1 Malik related to me from Zayd ibn Aslam that his father said, "'Abdullah and 'Ubaydullah, the sons of 'Umar ibn al-Khattab, left with the army for Iraq. On the way home, they passed by Abu Musa al-Ash'ari, the Amir of Basra. He greeted them and made them welcome and told them that if there was anything he could do to help them, he would do it. Then he said, 'There is some of the property of Allah which I want to send to the Amir al-Muminin, so I will lend it to you and you can buy wares from Iraq and sell them in Madina. Then give the principal to the Amir al-Muminin, and you keep the profit.' They said that they would like to do that, and so he gave them the money and wrote to 'Umar ibn al-Khattab to take the money from them. When they came to sell they made a profit. When they paid the principal to 'Umar he asked, 'Did he lend everyone in the army the like of what he lent you?' They said, 'No.' 'Umar ibn al-Khattab said, 'He made you the loan because you are the sons of the Amir al-Muminin, so pay the principal and the profit.' 'Abdullah was silent. 'Ubaydullah said, 'You do not need to do this, Amir al-Muminin. Had the principal decreased or been destroyed, we would have guaranteed it.' 'Umar said, 'Pay it.' 'Abdullah was silent and 'Ubaydullah repeated what he had said. A man who was sitting with 'Umar said, 'Amir al-Muminin, better that you make it a qirad loan.' 'Umar said, 'I have made it a qirad.' 'Umar then took the principal and half of the profit, and 'Abdullah and 'Ubaydullah, the sons of 'Umar ibn al-Khattab, took half of the profit."
2 Malik related to me from al-'Ala' ibn 'Abd ar-Rahman from his father from his father that 'Uthman ibn 'Affan gave him some money as qirad to use provided the profit was shared between them.
32.2 What is Permitted in Qirad
3 Malik said, "The recognised and permitted form of qirad is that a man take capital from an associate to use. He does not guarantee it and in travelling pays out of the capital for food and clothes and what he makes good use of, according to the amount of capital. That is, when he travels to do the work and the capital can support of it. If he remains with his people, he does not have expenses for clothing from the capital."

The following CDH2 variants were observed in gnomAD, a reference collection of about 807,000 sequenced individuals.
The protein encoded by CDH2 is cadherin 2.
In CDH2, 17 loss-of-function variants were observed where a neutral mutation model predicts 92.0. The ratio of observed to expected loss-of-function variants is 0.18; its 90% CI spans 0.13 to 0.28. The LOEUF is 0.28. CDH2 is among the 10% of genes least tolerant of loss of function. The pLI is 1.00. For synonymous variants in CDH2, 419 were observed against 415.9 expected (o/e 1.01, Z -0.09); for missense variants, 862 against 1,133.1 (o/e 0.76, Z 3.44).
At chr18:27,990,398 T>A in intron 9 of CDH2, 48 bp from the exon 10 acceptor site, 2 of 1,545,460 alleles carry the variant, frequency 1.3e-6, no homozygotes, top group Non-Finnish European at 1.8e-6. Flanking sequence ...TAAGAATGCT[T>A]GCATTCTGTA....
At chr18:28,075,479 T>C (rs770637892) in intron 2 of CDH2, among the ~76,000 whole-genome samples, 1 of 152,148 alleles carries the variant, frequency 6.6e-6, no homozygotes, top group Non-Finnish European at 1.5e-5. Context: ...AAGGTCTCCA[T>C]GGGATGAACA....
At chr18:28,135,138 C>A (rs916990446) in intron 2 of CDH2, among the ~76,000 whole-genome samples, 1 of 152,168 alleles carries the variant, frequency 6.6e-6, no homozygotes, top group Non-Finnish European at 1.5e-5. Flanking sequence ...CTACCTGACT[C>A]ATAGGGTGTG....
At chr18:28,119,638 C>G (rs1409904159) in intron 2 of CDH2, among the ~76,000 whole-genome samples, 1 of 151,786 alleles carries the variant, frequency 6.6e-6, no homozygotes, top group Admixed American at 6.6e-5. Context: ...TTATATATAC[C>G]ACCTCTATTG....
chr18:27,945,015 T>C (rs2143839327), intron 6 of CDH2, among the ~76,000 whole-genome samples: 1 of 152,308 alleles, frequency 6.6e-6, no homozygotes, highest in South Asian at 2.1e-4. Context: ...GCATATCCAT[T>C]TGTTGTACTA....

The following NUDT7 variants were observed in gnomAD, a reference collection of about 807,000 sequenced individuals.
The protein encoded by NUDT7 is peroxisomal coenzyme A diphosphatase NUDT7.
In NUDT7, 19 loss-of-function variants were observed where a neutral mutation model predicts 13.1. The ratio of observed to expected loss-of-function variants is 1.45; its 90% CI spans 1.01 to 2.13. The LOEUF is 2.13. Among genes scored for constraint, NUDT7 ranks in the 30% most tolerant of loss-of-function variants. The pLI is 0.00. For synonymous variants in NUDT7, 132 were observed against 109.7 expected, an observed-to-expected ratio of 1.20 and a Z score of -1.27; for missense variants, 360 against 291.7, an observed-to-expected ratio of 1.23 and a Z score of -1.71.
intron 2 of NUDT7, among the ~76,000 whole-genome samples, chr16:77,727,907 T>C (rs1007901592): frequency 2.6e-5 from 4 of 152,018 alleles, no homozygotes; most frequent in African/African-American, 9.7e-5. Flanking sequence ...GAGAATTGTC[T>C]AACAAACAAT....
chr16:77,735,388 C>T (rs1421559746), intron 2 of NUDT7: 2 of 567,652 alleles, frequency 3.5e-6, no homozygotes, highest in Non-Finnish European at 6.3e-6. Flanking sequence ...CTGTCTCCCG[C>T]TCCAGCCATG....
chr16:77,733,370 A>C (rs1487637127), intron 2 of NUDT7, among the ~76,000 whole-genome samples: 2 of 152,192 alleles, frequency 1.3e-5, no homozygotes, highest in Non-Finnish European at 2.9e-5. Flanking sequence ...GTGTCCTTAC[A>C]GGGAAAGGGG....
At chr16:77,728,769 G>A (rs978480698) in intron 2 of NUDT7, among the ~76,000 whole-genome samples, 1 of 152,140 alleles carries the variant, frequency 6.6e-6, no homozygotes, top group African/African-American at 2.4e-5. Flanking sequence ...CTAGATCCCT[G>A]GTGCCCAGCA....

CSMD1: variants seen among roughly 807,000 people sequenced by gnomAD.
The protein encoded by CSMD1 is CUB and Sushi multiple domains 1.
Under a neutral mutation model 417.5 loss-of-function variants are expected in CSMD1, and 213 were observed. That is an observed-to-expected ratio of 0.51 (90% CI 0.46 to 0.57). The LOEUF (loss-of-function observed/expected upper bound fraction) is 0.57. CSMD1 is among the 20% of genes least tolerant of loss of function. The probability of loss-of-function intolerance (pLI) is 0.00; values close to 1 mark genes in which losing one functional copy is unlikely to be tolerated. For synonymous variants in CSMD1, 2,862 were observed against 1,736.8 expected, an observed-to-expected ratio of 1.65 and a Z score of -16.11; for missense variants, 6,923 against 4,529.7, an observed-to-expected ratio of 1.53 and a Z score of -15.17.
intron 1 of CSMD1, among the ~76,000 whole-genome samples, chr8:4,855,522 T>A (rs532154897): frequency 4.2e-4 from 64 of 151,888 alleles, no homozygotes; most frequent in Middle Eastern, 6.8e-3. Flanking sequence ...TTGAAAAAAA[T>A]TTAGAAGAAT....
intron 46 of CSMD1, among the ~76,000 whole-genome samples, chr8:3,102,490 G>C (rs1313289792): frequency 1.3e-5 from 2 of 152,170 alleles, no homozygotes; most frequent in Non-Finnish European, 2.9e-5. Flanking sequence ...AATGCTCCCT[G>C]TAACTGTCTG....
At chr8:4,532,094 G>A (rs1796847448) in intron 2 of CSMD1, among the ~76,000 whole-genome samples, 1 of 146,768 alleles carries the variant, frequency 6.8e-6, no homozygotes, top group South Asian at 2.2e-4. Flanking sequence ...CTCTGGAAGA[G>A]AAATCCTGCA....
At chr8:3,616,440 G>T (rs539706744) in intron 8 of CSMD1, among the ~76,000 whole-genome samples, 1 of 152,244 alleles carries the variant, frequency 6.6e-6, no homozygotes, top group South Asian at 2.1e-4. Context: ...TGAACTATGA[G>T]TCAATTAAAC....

Malik said, "There is no harm in the two parties in a qirad helping each other by way of a favour when it is acceptable to them both."
Malik said, "There is no harm in the investor of the capital buying some of the goods from the agent in the qirad if that is acceptable and without conditions."
Malik spoke about an investor making a qirad loan to a man and his slave, to be used by both. He said, "That is permitted, and there is no harm in it because the profit is property for his slave, and the profit is not for the master until he takes it from him. It is like the rest of his earnings."
32.3 What is Not Permitted in Qirad
4 Malik said, "When a man owes money to another man and he asks him to let it stay with him as a qirad, that is disapproved of until the creditor receives his property. Then he can make it a qirad loan or keep it. That is because the debtor may be in a tight situation and want him to defer that for an increase it in it."